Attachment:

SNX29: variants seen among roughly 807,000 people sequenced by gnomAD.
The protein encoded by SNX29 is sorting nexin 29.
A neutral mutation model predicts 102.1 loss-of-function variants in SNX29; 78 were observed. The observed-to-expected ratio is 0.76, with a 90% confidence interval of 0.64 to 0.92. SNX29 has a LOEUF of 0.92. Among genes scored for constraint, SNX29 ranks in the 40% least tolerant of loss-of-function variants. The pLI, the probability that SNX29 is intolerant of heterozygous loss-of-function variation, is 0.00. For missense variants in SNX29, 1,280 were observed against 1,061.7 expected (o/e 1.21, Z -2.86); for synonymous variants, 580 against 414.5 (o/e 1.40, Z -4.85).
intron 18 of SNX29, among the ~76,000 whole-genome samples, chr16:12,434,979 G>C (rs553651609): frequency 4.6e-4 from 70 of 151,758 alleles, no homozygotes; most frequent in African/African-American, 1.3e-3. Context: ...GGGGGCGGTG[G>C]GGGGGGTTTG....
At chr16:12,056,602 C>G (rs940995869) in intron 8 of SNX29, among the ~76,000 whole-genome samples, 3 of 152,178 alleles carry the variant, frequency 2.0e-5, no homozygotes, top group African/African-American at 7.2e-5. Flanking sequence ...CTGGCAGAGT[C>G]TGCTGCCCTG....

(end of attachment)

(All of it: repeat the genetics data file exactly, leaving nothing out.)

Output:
SNX29: variants seen among roughly 807,000 people sequenced by gnomAD.
The protein encoded by SNX29 is sorting nexin 29.
A neutral mutation model predicts 102.1 loss-of-function variants in SNX29; 78 were observed. The observed-to-expected ratio is 0.76, with a 90% confidence interval of 0.64 to 0.92. SNX29 has a LOEUF of 0.92. Among genes scored for constraint, SNX29 ranks in the 40% least tolerant of loss-of-function variants. The pLI, the probability that SNX29 is intolerant of heterozygous loss-of-function variation, is 0.00. For missense variants in SNX29, 1,280 were observed against 1,061.7 expected (o/e 1.21, Z -2.86); for synonymous variants, 580 against 414.5 (o/e 1.40, Z -4.85).
intron 18 of SNX29, among the ~76,000 whole-genome samples, chr16:12,434,979 G>C (rs553651609): frequency 4.6e-4 from 70 of 151,758 alleles, no homozygotes; most frequent in African/African-American, 1.3e-3. Context: ...GGGGGCGGTG[G>C]GGGGGGTTTG....
At chr16:12,056,602 C>G (rs940995869) in intron 8 of SNX29, among the ~76,000 whole-genome samples, 3 of 152,178 alleles carry the variant, frequency 2.0e-5, no homozygotes, top group African/African-American at 7.2e-5. Flanking sequence ...CTGGCAGAGT[C>G]TGCTGCCCTG....